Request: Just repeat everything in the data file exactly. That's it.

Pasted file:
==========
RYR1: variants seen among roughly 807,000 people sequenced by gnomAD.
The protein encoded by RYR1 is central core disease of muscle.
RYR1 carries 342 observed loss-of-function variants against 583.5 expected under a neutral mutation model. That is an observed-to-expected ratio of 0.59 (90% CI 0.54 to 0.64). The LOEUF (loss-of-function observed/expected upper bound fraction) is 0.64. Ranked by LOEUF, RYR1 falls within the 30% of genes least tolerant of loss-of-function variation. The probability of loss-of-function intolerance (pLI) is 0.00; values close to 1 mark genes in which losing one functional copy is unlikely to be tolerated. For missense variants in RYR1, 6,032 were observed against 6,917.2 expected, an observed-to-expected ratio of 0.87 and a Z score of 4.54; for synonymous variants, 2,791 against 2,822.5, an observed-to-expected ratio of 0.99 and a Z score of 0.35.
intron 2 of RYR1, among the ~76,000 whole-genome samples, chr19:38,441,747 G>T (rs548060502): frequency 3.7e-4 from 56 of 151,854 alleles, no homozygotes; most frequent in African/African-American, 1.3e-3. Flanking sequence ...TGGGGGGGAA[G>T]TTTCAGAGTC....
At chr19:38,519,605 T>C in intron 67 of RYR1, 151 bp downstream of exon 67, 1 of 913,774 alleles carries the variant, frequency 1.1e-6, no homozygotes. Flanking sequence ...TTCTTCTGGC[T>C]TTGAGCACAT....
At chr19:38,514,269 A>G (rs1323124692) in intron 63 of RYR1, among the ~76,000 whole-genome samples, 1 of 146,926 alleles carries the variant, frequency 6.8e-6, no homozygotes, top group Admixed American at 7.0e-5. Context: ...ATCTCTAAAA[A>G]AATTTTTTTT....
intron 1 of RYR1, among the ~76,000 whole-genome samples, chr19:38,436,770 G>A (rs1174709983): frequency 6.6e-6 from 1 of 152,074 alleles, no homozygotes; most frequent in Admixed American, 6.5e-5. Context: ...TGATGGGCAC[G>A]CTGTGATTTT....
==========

RYR1: variants seen among roughly 807,000 people sequenced by gnomAD.
The protein encoded by RYR1 is central core disease of muscle.
RYR1 carries 342 observed loss-of-function variants against 583.5 expected under a neutral mutation model. That is an observed-to-expected ratio of 0.59 (90% CI 0.54 to 0.64). The LOEUF (loss-of-function observed/expected upper bound fraction) is 0.64. Ranked by LOEUF, RYR1 falls within the 30% of genes least tolerant of loss-of-function variation. The probability of loss-of-function intolerance (pLI) is 0.00; values close to 1 mark genes in which losing one functional copy is unlikely to be tolerated. For missense variants in RYR1, 6,032 were observed against 6,917.2 expected, an observed-to-expected ratio of 0.87 and a Z score of 4.54; for synonymous variants, 2,791 against 2,822.5, an observed-to-expected ratio of 0.99 and a Z score of 0.35.
intron 2 of RYR1, among the ~76,000 whole-genome samples, chr19:38,441,747 G>T (rs548060502): frequency 3.7e-4 from 56 of 151,854 alleles, no homozygotes; most frequent in African/African-American, 1.3e-3. Flanking sequence ...TGGGGGGGAA[G>T]TTTCAGAGTC....
At chr19:38,519,605 T>C in intron 67 of RYR1, 151 bp downstream of exon 67, 1 of 913,774 alleles carries the variant, frequency 1.1e-6, no homozygotes. Flanking sequence ...TTCTTCTGGC[T>C]TTGAGCACAT....
At chr19:38,514,269 A>G (rs1323124692) in intron 63 of RYR1, among the ~76,000 whole-genome samples, 1 of 146,926 alleles carries the variant, frequency 6.8e-6, no homozygotes, top group Admixed American at 7.0e-5. Context: ...ATCTCTAAAA[A>G]AATTTTTTTT....
intron 1 of RYR1, among the ~76,000 whole-genome samples, chr19:38,436,770 G>A (rs1174709983): frequency 6.6e-6 from 1 of 152,074 alleles, no homozygotes; most frequent in Admixed American, 6.5e-5. Context: ...TGATGGGCAC[G>A]CTGTGATTTT....